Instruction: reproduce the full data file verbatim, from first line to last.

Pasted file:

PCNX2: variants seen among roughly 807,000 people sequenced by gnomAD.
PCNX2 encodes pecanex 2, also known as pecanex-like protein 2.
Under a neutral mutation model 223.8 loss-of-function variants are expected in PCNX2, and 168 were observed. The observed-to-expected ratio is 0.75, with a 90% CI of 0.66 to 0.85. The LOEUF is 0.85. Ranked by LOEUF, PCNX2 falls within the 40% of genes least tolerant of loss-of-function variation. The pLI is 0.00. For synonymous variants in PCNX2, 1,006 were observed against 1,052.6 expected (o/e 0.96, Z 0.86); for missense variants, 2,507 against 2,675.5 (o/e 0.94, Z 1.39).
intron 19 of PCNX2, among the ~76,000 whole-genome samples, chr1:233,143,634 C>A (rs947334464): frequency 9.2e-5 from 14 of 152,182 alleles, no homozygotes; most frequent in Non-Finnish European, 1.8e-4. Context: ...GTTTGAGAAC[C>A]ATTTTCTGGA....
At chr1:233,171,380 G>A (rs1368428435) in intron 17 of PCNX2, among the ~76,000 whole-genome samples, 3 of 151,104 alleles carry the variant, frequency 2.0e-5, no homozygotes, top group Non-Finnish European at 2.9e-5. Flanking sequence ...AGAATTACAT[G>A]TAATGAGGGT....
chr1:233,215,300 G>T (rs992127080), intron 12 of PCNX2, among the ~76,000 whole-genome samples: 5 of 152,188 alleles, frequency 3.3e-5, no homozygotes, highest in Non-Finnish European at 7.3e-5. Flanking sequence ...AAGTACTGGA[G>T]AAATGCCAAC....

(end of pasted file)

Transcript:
PCNX2: variants seen among roughly 807,000 people sequenced by gnomAD.
PCNX2 encodes pecanex 2, also known as pecanex-like protein 2.
Under a neutral mutation model 223.8 loss-of-function variants are expected in PCNX2, and 168 were observed. The observed-to-expected ratio is 0.75, with a 90% CI of 0.66 to 0.85. The LOEUF is 0.85. Ranked by LOEUF, PCNX2 falls within the 40% of genes least tolerant of loss-of-function variation. The pLI is 0.00. For synonymous variants in PCNX2, 1,006 were observed against 1,052.6 expected (o/e 0.96, Z 0.86); for missense variants, 2,507 against 2,675.5 (o/e 0.94, Z 1.39).
intron 19 of PCNX2, among the ~76,000 whole-genome samples, chr1:233,143,634 C>A (rs947334464): frequency 9.2e-5 from 14 of 152,182 alleles, no homozygotes; most frequent in Non-Finnish European, 1.8e-4. Context: ...GTTTGAGAAC[C>A]ATTTTCTGGA....
At chr1:233,171,380 G>A (rs1368428435) in intron 17 of PCNX2, among the ~76,000 whole-genome samples, 3 of 151,104 alleles carry the variant, frequency 2.0e-5, no homozygotes, top group Non-Finnish European at 2.9e-5. Flanking sequence ...AGAATTACAT[G>A]TAATGAGGGT....
chr1:233,215,300 G>T (rs992127080), intron 12 of PCNX2, among the ~76,000 whole-genome samples: 5 of 152,188 alleles, frequency 3.3e-5, no homozygotes, highest in Non-Finnish European at 7.3e-5. Flanking sequence ...AAGTACTGGA[G>T]AAATGCCAAC....